The flip side is that Android itself is also an open-source project and the structure of Android/Linux applications are well documented. Arstechnica actually has a pretty article on this subject already. It is fully possible for Operating Systems that are NOT running Android/Linux to provide binary compatibility for Android/Linux applications. Where getting the KDE interfaces to operate atop a non GNU/Linux operating system and kernel would be very difficult, getting Android/Linux applications running atop a KDE/GNU/Linux distribution is incredibly easy.

If you thought this was a bonfire already, let me add some fuel, say, something like: Hypertransport

Imagine for a second buying an ARM tablet loaded with KDE/GNU/Linux. You wander around town doing the normal tablet things with Android Applications. You get home and you plug your tablet into a docking station. This docking station just happens to have a couple of hypertransport links that now connects your tablet to say, an AMD Piledriver processor and a RadeonHD class graphics card. As your tablet shifts from the tablet display to your external monitor the tablet syncs the data you've changed while in tablet mode to say, a larger drive. Other programs, such as Valve's GNU+Android/Linux Steam client and Sony's Playstation Suite synch with data stored on the larger internal-hard-drive, such as a list of installed games.

As the system finishes reconfiguring, the tablet goes from running atop an extremely power-efficient ARM processor and a limited graphics processor, to running with an x86 processor with a gaming class graphics card. From the users perspective they haven't done anything but plugged their tablet into a dock and wait a few seconds, and now they still have everything they were doing running on screen, but a much more powerful computer with far more capabilities.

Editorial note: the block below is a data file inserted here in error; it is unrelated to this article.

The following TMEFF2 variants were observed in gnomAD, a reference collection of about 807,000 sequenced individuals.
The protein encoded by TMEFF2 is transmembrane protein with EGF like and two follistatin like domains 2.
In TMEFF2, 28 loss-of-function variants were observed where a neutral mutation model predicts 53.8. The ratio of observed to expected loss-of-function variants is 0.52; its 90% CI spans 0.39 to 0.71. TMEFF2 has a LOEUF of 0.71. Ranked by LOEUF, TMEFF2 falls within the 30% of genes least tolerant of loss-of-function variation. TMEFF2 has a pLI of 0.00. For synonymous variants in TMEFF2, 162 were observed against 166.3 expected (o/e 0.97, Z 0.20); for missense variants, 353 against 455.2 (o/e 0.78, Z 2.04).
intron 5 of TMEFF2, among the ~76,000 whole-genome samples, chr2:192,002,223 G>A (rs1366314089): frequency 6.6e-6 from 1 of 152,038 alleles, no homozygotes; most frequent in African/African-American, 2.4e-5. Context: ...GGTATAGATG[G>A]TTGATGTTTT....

The kicker? Aside from ARM not running on a Hypertransport bus and KDE not having this software switch functionality yet, and the need for somebody to write a synchronization package to actually perform the data-sync, the rest is already possible today. Hypertransport already supports central processor hotplugging. In addition GNU/Linux running atop multiple processor architectures is also a reality. Technologies such as OpenCL also remove some of the limitations of switching processor architectures.

Imagine for a second the market implications these types of technology advances have for companies like HP, Dell, or Sony. This is stuff that is not 5 or 10 years down the line. This is stuff that could be on the market in less than a years time.

To reiterate what I said earlier. Android/Linux and IOS/Mach_BSD are indeed headaches for Microsoft. They've cracked the ribs of hardware vendors who have spent decades relying on Microsoft. Consumers are now more open to concept of buying computing products that don't carry that magic Microsoft Badge.

For what KDE represents, and what it is doing NOW, it's the competitor that Microsoft should be paying attention to.

Now, will hardware vendors realize the possibilities that a KDE/GNU/Linux system offers them? Will hardware vendors leverage those possibilities in products and make stuff that consumers actually want to buy?

My suspicion is yes. As of right now the real-consumer backlash on Windows 8 is going to make the Vista backlash look like a drop in the bucket. Hardware vendors are likely going to be left scrambling to come up with answers... and KDE will be there waiting to help.

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Update: I received this response from Aseigo

great blog entry; and thanks for the support. it's great to know others "get" what we're trying to achieve here .. and with the growing number of people and companies that are rallying around the technology and the ideas, i think we have a very good chance to be extremely successful in the coming years.. 



Unknown said...

Having installed Windows 8 Beta preview in a VM, I am in accord with your comments. I think it is awful. It may play better on a touch screen but I am not sure of that. I cannot help but think they have made compromises to accommodate both touch screens and traditional desktops that have rendered the system not user friendly.
Thank you for the incisive blog post.


m_pav said...

Now that was a worthy blog read. Lots of blogs simply spew forth garbage without any form of backing, but your in depth knowledge and insight, attention to detail and glaringly obvious thoughtful process makes this blog post one of the best I have read on the current direction of software.

Mike P